Map of portion of Indiana Territory involved in Tecumseh's War, 1811
Map of portion of Indiana Territory involved in Tecumseh's War, 1811

Harrison left the territory for business in Kentucky shortly after the August meeting with Tecumseh, leaving territorial secretary John Gibson as acting governor. Gibson, who had lived among the Miami tribe for many years, was quick to learn of Tecumseh's plans for war and immediately called out the territory's militia and sent emergency letters calling for the return of Harrison. By mid-September, most of the militia regiments had formed. By then, Harrison had returned, accompanied by 250 U.S. Army regulars of the 4th U.S. Infantry Regiment, and had taken command of the gathering forces. The remainder of his army consisted of 100 Kentucky volunteers, and 600 men of the Indiana militia.

Consequently, on September 26, 1811 Harrison and his army left Vincennes and marched northward towards Prophetstown. Harrison had already been in communication with his superiors in Washington, DC. The governor had been authorized to march against the confederacy in a show of force, hoping that they would accept peace.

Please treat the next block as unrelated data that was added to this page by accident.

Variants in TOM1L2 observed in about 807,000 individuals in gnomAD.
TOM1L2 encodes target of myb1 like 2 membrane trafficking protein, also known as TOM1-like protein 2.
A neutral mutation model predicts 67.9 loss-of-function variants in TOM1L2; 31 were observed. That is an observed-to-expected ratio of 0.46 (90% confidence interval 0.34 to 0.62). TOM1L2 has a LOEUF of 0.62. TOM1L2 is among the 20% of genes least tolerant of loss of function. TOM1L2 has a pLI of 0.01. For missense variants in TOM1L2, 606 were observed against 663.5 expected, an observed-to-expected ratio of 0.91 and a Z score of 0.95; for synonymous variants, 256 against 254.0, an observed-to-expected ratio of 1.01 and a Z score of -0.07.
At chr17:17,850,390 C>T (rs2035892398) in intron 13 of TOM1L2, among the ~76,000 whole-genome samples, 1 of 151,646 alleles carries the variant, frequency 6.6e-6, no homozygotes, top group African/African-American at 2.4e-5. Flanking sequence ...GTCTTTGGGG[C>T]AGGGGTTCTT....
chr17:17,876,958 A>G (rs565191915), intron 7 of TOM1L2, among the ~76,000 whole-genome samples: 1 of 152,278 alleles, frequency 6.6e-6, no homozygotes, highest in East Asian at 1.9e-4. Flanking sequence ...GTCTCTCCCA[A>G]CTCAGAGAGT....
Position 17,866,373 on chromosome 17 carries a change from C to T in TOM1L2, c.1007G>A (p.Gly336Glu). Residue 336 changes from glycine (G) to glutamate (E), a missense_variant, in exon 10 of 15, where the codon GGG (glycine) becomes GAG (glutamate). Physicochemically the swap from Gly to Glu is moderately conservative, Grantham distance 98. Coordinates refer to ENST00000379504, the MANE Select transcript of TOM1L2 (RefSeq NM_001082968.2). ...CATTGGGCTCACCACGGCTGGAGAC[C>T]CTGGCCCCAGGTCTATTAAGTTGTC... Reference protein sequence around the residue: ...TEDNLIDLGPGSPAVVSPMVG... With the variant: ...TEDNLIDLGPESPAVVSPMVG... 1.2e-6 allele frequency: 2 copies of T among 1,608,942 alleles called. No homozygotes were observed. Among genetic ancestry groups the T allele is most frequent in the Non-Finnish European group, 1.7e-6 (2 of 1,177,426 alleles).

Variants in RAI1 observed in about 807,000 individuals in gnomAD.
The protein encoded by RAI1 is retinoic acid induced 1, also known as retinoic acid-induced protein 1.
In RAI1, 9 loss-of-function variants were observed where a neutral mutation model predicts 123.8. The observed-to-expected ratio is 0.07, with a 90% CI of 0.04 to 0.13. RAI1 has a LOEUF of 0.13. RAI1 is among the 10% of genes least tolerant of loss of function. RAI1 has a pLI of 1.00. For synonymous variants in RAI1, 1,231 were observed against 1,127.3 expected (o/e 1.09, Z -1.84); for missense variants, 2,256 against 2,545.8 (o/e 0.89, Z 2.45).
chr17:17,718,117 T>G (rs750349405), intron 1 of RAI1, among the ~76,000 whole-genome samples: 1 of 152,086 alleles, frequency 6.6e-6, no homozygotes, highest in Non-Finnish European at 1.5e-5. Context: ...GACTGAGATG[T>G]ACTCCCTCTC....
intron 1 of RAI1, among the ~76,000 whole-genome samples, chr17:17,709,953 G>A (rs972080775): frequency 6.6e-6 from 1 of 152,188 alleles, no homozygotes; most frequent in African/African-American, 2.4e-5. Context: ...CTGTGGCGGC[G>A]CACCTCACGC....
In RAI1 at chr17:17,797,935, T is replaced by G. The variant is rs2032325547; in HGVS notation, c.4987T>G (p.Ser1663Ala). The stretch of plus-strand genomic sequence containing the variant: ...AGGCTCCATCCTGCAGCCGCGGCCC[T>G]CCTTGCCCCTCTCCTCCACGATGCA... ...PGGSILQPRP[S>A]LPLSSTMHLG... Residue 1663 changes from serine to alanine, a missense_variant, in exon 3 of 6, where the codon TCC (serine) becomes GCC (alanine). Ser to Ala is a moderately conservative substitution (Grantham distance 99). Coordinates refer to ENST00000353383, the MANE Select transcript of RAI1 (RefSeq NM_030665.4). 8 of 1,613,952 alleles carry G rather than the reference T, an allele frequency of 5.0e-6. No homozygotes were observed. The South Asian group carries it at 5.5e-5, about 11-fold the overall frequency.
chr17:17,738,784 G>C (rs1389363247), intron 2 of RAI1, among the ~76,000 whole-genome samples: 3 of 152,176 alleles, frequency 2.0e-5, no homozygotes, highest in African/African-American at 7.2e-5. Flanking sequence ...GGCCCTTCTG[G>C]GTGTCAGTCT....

The army reached the site of modern-day Terre Haute, IN, on October 3 where they camped and built Fort Harrison while they waited for supplies to be delivered. A scouting party of mounted Indiana militia called the Yellow Jackets was ambushed by Native Americans on October 10, causing several casualties and preventing the men from continuing to forage. Supplies quickly began to run low. Harrison ordered the daily rations cut on October 19, and remained so until October 28 when fresh supplies arrived via the Wabash River from Vincennes. With the army resupplied, Harrison resumed his advance to Prophetstown on October 29

Harrison's army arrived near Prophetstown on November 6. Shortly afterward, Tenskwatawa – effectively in charge with Tecumseh absence – offered a cease-fire, saying that he would like to meet with the governor the next day to discuss their differences. Although agreeing to those terms, Harrison did not trust Tecumseh's brother. Therefore, he made dispositions for his army's encampment, expecting an attack on the morrow.

Battle of Tippecanoe